A pair of studies from Ohio State University finds that playing games like Halo, Call of Duty and Unreal Tournament with a teammate can reduce the negative behavioral effects that are associated with those games.
Research from the Centre for European Economic Research (also known as ZEW), Baylor University and the University of Texas at Arlington showed games reduce the number of criminal incidents by keeping potential assailants, thieves and other ne’er-do-wells occupied.
As the video game industry celebrates Monday’s U.S. Supreme Court ruling, which formally recognized video games as entitled to First Amendment protection, many are assuming the political fight that has loomed over the industry for years is finally over.
That’s wrong. In fact, it’s simply the start of Act 2.
In a landmark ruling, the U. S. Supreme Court Monday declared video games are protected forms of free speech, striking down a controversial California law that that attempted to restrict the sale of some titles to minors.
The state argued that violent games are harmful to children and, as such, their sale should be restricted. California took a slightly different approach than other states who have attempted to pass similiar laws, though, by including violent games in the same category as cigarettes and adult magazines. The Court strongly rejected the argument.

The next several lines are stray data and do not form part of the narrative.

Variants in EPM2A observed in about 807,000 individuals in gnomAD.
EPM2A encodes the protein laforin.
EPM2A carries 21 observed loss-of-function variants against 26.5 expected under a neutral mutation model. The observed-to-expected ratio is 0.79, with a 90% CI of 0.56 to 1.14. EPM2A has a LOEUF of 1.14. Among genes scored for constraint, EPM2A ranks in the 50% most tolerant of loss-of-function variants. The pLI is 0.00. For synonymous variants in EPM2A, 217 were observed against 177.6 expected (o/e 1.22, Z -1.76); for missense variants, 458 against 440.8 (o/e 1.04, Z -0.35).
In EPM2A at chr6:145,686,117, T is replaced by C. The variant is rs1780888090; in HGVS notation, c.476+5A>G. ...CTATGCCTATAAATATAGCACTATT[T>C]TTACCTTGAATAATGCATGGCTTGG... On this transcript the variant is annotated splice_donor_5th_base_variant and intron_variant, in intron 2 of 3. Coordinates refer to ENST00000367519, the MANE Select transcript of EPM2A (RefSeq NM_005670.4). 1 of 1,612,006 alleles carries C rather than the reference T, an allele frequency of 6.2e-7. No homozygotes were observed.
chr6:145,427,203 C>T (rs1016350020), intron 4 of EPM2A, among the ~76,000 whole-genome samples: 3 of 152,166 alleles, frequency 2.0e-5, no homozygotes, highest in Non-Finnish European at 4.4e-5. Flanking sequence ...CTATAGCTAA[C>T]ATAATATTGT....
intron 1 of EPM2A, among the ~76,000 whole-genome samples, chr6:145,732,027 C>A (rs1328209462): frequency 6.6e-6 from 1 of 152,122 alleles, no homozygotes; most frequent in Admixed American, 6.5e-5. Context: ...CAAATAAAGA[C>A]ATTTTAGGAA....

The majority of titles that are released each year are made for general audiences and enjoyed by families. But it only takes a few bad apples to damn an entire industry. And the gaming industry has had its share.
When action video games hit their first golden age in the early 1990s, concepts like “stealth” and “consequences” weren’t even a glimmer in developer’s eyes. The focus was on over-the-top carnage. The premise: if it moved, shoot it – though you could also kick, punch or stab it, depending on the title.
As the industry matured, though, in-game violence evolved. Narratives were added to the action, and heroes became more than one-dimensional instruments of destruction. It wasn’t a bad thing, per se, but it seemed like a move away from what hardcore action titles were all about.
When the U.S. Supreme Court agreed in April to review a California law prohibiting the sale or rental of violent video games to minors in its next term, it sent shock waves through the gaming industry.
Analysts, insiders and even casual observers had been expecting justices to let stand a lower court ruling, which had declared the law unconstitutional. Once they didn’t, the scramble began to assess the possible implications—and leaders of the industry say they could be dire.